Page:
More letters came each month telling me new things about Connor. He was about to take a trip to Canada to see relatives. I couldn’t get over how much this guy traveled and all the time. It was really neat to write letters and receive them and learn about somebody who lived across the world. His views about the world and life itself were intriguing, more focused and intellectual than your typical teenager. I learned so much. We bounced ideas off one another. He introduced me to Skype and our first telephone conversation was over Christmas that first year. His accent was so thick and a bit hard to understand but I eventually got used to it after talking on Skype and the telephone more often.
When we went off to college, we both started using email more. He went to Bristol University in England and I went to a university in South Carolina. Interesting, by spring, we both transferred to different universities. I received a Christmas package from him with a ten-page letter, a package of wildflower seeds, and some music he burned to a few CDs and disks. On birthdays we both sent cards, chocolates, and gifts to each other. One of my favorite gifts was a fairytale book called: “The Legend of the Corrib King” by Tom McCaughren. Even though we both spoke and wrote English, our lives, our cultures, everything was still different and yet, the same. The occasional phone calls and Skype-dates happened only when we had time. Sometimes, we would chat on MSN and now, the social media site, Facebook.
I always wanted to study abroad and chose Italy for the semester of 2007. Connor and I made plans to visit each other over the end of Christmas that year to bring in the New Year. So my last stop was Dublin, where he was living and working, before returning to the States from my semester-long study abroad adventure. After hundreds of emails and regular chatting on MSN and Skype, we finally met each other in a café’ in the heart of central Dublin. My friend Karin came to visit me and I brought her along. Connor was so nice and charming. He made a terrific tour guide and took us to Trinity College where the famed Book of Kells are kept, to the Guinness Brewery, enchanting castles and nice restaurants, and many other sites. We had a terrific week together. I felt like I knew him all my life and meeting him was no big deal. I gained not only a pen-friend, but a best friend. We told each other everything and never ran out of things to talk about. It was clear that our friendship was a strong one and we both valued its authenticity.
It’s now over eight years later and we still talk often, utilizing social media tools like Facebook, MSN, Skype and every once and a while, sending an occasional handwritten note or card. Visiting each other was a memorable moment for us and we still reflect on that week. Connor and I talk about everything from school, family, and even our relationships. It’s interesting just how different we are in terms of our cultures, customs, and beliefs and yet how similar we are in other ways.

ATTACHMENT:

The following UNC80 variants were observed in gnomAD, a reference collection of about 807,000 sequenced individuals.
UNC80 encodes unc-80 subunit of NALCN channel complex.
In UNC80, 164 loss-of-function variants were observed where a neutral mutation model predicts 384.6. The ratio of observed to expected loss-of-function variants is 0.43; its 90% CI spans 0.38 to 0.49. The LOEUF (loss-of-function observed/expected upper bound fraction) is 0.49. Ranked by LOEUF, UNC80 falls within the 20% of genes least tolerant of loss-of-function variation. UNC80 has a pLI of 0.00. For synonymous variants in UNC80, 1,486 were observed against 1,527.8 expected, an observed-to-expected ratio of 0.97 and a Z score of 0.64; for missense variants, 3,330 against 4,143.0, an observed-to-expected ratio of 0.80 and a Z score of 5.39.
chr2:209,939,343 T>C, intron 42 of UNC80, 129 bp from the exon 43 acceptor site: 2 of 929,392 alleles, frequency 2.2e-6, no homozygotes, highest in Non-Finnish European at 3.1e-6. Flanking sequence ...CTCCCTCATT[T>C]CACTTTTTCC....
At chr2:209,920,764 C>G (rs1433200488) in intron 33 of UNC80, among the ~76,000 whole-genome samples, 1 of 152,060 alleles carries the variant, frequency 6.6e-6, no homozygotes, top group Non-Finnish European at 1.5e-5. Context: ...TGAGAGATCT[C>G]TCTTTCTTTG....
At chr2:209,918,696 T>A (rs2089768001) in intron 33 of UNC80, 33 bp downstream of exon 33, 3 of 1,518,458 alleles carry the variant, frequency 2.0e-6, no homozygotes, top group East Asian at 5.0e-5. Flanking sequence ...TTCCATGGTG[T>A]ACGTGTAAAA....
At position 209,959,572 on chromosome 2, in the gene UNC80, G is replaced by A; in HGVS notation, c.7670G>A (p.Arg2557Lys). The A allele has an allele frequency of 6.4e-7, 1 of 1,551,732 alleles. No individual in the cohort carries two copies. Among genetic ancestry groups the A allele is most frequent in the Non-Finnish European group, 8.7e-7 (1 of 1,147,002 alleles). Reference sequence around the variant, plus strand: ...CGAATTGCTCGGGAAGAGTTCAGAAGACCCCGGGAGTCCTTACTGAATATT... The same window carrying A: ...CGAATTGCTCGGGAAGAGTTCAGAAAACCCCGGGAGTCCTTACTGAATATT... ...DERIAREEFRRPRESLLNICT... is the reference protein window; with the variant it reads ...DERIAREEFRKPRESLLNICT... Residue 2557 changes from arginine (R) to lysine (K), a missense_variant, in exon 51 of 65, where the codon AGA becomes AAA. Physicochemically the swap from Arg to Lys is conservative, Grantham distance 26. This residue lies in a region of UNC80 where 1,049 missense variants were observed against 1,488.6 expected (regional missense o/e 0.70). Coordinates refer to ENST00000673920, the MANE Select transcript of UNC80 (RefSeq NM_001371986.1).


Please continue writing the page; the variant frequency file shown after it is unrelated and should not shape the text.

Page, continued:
Having an international penpal is a learning experience that you can’t get anywhere else, and it’s fun, too. Gaining knowledge about different cultures and the world will only set you apart from your peers. Having these close connections will break down ethnocentricity and help you learn new things about other concepts and ideas that you may not have considered otherwise. Many schools are connecting classrooms abroad and utilizing email, Skype, and even handwritten letters bring classrooms and continents together to collaborate and learn about each other’s lives and cultures.
The benefits of having an international penpal are many:
* You learn about a different worldview that maybe you didn’t consider before
* You can develop a strong connection with a person from a different country
* You can discover new languages, ideas, cultures, customs, and ways of living
* You get surprised about how passionate you become to traveling abroad
* It’s relatively inexpensive. Aside from sending letters and packages or making the long trip abroad, email and Skype can be used to communicate for free.
There are many websites that can help you find just the right person(s) from various countries abroad. No matter if you’re in elementary school, high school, college, an educator, or just a person who’d like to learn about the people and the world around us, these are great tools to get the ball rolling.
This post was submitted by Anastasia Diamantis.